Therefore, on the basis of the foregoing, we affirm the judgment of the trial court in the dissolution suit.

We now turn to the appeal in the partition suit. Following the entry of the judgment for dissolution of marriage, Samuel brought suit to partition the marital residence which he owned in joint tenancy with Barbara. Barbara filed a motion to dismiss the partition suit, alleging that the suit was barred by the judgment for dissolution of marriage which disposed of the marital residence. The motion to dismiss was granted and Samuel appeals.

The general rule in Illinois is that partition is a matter of right where property is held in joint tenancy or tenancy in common. (Renwick v. Renwick (1977), 52 Ill. App.3d 701, 367 N.E.2d 1009.) Our supreme court has stated that no exception is created to allow the right of partition to yield where a family and children are involved. Heldt v. Heldt (1963), 29 Ill.2d 61, 193 N.E.2d 7.

However, in Hulslander v. Hulslander (1977), 55 Ill. App.3d 981, 371 N.E.2d 652, while recognizing the general rule stated above, the court held that even though either of the parties to the divorce may have initially had the right to partition the premises upon which the marital residence was situated, such right was waived when the parties sought a resolution of their conflicting claims irrespective of any remedy of partition, and that therefore no error occurred in the trial court's failure to partition the premises.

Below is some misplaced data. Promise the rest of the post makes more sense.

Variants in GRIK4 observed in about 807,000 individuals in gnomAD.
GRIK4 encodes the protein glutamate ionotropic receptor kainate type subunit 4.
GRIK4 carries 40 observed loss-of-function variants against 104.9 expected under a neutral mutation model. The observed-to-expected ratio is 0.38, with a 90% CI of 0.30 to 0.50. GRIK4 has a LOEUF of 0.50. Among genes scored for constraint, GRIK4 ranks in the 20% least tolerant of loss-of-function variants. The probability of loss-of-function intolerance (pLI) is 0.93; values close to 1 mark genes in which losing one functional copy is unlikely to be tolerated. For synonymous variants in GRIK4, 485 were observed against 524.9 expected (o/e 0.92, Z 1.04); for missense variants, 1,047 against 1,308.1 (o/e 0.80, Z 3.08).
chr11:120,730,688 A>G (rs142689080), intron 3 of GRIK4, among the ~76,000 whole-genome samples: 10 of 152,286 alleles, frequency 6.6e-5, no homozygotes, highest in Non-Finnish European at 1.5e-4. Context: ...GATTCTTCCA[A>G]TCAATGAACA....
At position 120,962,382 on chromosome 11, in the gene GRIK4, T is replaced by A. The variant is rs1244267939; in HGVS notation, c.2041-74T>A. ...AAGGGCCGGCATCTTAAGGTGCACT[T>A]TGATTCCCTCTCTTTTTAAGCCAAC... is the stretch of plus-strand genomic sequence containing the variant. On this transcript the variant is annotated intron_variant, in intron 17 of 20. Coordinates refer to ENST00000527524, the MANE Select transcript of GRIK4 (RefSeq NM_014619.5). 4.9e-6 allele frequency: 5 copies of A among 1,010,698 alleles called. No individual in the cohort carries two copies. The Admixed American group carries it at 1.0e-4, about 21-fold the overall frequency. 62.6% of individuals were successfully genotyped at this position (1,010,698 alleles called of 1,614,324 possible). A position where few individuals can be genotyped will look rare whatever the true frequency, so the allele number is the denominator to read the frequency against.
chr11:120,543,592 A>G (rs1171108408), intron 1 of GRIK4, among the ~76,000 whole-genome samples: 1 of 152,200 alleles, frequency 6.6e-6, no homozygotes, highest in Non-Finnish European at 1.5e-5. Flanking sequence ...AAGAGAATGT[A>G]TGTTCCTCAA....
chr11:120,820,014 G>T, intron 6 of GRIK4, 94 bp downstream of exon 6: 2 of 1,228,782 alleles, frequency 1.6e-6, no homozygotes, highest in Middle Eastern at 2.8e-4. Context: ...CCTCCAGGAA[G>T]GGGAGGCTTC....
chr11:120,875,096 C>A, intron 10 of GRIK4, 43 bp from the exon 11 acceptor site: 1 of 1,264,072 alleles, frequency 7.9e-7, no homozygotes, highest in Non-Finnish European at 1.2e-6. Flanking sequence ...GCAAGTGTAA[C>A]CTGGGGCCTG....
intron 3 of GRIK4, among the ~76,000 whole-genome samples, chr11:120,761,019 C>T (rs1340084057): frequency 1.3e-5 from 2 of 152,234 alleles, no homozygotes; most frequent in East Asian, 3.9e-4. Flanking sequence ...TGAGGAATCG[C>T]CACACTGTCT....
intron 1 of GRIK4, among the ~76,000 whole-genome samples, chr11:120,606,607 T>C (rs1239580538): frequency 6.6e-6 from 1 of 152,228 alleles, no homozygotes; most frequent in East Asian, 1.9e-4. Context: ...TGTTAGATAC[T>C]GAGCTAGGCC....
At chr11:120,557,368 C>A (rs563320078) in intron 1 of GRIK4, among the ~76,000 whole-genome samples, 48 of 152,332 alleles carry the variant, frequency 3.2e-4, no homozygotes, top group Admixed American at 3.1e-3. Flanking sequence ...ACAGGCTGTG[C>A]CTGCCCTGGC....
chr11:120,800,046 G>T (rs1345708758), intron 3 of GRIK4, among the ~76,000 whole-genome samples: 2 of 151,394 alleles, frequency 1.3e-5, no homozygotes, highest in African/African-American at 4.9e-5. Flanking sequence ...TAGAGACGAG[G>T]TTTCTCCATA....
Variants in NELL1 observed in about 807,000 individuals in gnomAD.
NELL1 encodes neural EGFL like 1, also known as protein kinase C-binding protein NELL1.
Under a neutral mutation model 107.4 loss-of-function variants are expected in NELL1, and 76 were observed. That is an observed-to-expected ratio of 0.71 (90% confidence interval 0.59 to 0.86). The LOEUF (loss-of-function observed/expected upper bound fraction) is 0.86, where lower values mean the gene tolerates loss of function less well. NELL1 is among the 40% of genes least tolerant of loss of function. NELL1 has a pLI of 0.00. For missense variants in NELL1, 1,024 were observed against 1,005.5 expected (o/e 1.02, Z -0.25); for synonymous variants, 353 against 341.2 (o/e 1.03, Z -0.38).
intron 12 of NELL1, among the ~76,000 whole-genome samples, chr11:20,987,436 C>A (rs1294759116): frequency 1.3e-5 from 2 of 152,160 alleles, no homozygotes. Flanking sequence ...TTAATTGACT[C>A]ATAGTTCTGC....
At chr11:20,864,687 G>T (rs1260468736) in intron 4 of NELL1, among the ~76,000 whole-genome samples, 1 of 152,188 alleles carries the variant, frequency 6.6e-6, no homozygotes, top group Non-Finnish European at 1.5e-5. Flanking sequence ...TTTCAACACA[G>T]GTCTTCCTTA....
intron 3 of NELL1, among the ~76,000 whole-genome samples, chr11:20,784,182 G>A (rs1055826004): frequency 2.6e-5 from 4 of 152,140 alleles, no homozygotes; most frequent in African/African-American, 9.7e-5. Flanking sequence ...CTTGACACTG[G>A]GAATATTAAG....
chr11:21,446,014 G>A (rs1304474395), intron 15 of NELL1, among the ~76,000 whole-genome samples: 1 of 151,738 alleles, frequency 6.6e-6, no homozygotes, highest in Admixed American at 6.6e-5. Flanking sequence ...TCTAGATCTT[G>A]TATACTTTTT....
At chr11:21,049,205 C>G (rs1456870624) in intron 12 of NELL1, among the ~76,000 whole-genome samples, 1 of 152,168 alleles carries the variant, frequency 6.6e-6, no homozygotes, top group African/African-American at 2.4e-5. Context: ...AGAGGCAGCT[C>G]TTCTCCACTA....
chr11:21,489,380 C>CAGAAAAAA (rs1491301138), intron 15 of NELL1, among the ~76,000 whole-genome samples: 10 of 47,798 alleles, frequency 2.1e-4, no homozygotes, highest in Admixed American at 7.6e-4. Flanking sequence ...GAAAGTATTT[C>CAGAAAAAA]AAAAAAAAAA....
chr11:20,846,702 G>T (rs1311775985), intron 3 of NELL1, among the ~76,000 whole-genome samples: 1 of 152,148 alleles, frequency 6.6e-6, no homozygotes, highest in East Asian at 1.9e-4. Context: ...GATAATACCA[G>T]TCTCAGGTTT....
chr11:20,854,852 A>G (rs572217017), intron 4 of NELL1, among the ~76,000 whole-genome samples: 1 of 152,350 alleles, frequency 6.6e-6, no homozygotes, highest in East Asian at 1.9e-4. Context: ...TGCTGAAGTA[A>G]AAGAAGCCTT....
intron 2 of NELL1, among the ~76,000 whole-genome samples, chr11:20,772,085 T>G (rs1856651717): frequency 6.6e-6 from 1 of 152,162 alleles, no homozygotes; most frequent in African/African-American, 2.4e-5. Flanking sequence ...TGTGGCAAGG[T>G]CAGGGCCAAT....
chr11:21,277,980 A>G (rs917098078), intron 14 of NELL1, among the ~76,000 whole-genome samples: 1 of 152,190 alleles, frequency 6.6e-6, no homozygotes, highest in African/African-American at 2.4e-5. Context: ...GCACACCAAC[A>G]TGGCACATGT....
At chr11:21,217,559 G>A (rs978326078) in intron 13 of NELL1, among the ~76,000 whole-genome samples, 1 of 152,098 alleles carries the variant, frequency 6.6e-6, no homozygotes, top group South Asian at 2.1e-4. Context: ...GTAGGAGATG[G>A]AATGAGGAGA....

• 8 Similarly here, Samuel participated in the dissolution of marriage proceedings and it was only after the trial court had disposed of the property and the judgment for dissolution of marriage had been entered that he sought the remedy of partition. Under the rationale of Hulslander, we hold therefore that Samuel has waived his right to partition the marital residence.

Therefore we affirm the order of the trial court in the partition suit.


GUILD, P.J., and LINDBERG, J., concur.